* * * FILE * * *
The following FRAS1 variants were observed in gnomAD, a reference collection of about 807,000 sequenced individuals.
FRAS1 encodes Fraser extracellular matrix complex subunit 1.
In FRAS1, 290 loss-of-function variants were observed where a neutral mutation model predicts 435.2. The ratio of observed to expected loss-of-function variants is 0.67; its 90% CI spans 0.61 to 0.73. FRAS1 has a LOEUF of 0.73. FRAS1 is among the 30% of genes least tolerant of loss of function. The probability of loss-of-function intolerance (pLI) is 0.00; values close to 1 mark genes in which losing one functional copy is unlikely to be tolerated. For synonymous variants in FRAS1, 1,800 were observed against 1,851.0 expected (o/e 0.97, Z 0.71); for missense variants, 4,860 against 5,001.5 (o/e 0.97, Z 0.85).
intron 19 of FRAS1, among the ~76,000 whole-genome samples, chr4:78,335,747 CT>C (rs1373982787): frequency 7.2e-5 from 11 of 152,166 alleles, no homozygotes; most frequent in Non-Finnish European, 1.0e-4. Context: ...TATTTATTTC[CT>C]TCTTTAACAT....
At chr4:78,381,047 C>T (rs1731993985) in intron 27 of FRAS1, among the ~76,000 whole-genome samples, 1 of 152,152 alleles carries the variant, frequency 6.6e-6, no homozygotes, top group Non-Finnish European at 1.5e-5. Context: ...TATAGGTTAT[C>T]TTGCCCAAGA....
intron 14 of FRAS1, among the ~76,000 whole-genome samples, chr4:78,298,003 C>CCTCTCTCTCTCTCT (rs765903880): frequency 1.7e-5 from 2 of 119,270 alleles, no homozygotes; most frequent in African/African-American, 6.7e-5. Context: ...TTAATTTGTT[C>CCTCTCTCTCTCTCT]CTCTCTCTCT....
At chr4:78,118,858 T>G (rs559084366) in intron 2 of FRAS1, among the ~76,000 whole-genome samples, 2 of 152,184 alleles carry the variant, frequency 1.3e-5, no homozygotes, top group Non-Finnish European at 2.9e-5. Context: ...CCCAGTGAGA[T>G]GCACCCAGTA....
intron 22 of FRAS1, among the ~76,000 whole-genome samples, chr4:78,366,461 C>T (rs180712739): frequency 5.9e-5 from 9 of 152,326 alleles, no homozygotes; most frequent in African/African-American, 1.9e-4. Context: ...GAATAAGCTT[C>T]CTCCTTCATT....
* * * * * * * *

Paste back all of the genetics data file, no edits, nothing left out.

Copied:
The following FRAS1 variants were observed in gnomAD, a reference collection of about 807,000 sequenced individuals.
FRAS1 encodes Fraser extracellular matrix complex subunit 1.
In FRAS1, 290 loss-of-function variants were observed where a neutral mutation model predicts 435.2. The ratio of observed to expected loss-of-function variants is 0.67; its 90% CI spans 0.61 to 0.73. FRAS1 has a LOEUF of 0.73. FRAS1 is among the 30% of genes least tolerant of loss of function. The probability of loss-of-function intolerance (pLI) is 0.00; values close to 1 mark genes in which losing one functional copy is unlikely to be tolerated. For synonymous variants in FRAS1, 1,800 were observed against 1,851.0 expected (o/e 0.97, Z 0.71); for missense variants, 4,860 against 5,001.5 (o/e 0.97, Z 0.85).
intron 19 of FRAS1, among the ~76,000 whole-genome samples, chr4:78,335,747 CT>C (rs1373982787): frequency 7.2e-5 from 11 of 152,166 alleles, no homozygotes; most frequent in Non-Finnish European, 1.0e-4. Context: ...TATTTATTTC[CT>C]TCTTTAACAT....
At chr4:78,381,047 C>T (rs1731993985) in intron 27 of FRAS1, among the ~76,000 whole-genome samples, 1 of 152,152 alleles carries the variant, frequency 6.6e-6, no homozygotes, top group Non-Finnish European at 1.5e-5. Context: ...TATAGGTTAT[C>T]TTGCCCAAGA....
intron 14 of FRAS1, among the ~76,000 whole-genome samples, chr4:78,298,003 C>CCTCTCTCTCTCTCT (rs765903880): frequency 1.7e-5 from 2 of 119,270 alleles, no homozygotes; most frequent in African/African-American, 6.7e-5. Context: ...TTAATTTGTT[C>CCTCTCTCTCTCTCT]CTCTCTCTCT....
At chr4:78,118,858 T>G (rs559084366) in intron 2 of FRAS1, among the ~76,000 whole-genome samples, 2 of 152,184 alleles carry the variant, frequency 1.3e-5, no homozygotes, top group Non-Finnish European at 2.9e-5. Context: ...CCCAGTGAGA[T>G]GCACCCAGTA....
intron 22 of FRAS1, among the ~76,000 whole-genome samples, chr4:78,366,461 C>T (rs180712739): frequency 5.9e-5 from 9 of 152,326 alleles, no homozygotes; most frequent in African/African-American, 1.9e-4. Context: ...GAATAAGCTT[C>T]CTCCTTCATT....